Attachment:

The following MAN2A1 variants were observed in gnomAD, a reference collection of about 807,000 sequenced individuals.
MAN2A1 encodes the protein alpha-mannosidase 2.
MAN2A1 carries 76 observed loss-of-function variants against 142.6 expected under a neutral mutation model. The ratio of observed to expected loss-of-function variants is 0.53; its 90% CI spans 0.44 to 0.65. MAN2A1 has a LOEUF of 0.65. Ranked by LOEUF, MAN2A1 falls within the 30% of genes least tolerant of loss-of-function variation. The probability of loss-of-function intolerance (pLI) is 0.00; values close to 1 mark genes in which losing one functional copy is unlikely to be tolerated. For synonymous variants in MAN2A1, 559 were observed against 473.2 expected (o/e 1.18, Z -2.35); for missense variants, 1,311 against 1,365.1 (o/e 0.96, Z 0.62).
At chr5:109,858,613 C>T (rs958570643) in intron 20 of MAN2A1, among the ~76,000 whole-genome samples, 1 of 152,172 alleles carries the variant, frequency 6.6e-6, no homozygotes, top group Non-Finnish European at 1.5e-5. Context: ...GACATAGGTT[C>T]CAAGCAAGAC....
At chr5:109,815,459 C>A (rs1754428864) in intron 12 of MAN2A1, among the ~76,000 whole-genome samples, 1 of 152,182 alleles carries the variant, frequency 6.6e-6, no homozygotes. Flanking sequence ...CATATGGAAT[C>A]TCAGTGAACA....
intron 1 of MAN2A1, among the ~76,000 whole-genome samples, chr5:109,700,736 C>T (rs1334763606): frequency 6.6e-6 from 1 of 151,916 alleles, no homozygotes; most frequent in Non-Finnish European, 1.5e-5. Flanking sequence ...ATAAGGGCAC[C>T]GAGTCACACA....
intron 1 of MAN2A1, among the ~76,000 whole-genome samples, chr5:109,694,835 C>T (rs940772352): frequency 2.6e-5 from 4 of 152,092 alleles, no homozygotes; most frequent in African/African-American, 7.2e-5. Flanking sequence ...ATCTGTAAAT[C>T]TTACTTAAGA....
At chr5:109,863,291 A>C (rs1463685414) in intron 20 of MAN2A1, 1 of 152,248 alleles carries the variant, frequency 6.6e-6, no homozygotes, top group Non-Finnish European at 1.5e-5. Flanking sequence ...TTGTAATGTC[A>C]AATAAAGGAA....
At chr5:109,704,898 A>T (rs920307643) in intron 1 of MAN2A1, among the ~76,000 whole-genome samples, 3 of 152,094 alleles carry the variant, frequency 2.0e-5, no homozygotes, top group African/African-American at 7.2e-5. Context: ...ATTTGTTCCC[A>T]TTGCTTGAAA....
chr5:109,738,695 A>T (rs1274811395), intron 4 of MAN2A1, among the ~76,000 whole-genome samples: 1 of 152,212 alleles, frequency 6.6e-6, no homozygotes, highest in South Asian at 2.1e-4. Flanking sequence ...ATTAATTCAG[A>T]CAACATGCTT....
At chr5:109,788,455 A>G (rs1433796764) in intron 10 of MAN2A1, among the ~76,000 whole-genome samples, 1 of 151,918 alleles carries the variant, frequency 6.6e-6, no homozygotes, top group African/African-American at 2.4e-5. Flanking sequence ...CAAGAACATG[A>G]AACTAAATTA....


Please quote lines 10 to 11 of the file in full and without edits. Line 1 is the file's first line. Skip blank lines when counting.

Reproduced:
chr5:109,738,695 A>T (rs1274811395), intron 4 of MAN2A1, among the ~76,000 whole-genome samples: 1 of 152,212 alleles, frequency 6.6e-6, no homozygotes, highest in South Asian at 2.1e-4. Flanking sequence ...ATTAATTCAG[A>T]CAACATGCTT....
At chr5:109,788,455 A>G (rs1433796764) in intron 10 of MAN2A1, among the ~76,000 whole-genome samples, 1 of 151,918 alleles carries the variant, frequency 6.6e-6, no homozygotes, top group African/African-American at 2.4e-5. Flanking sequence ...CAAGAACATG[A>G]AACTAAATTA....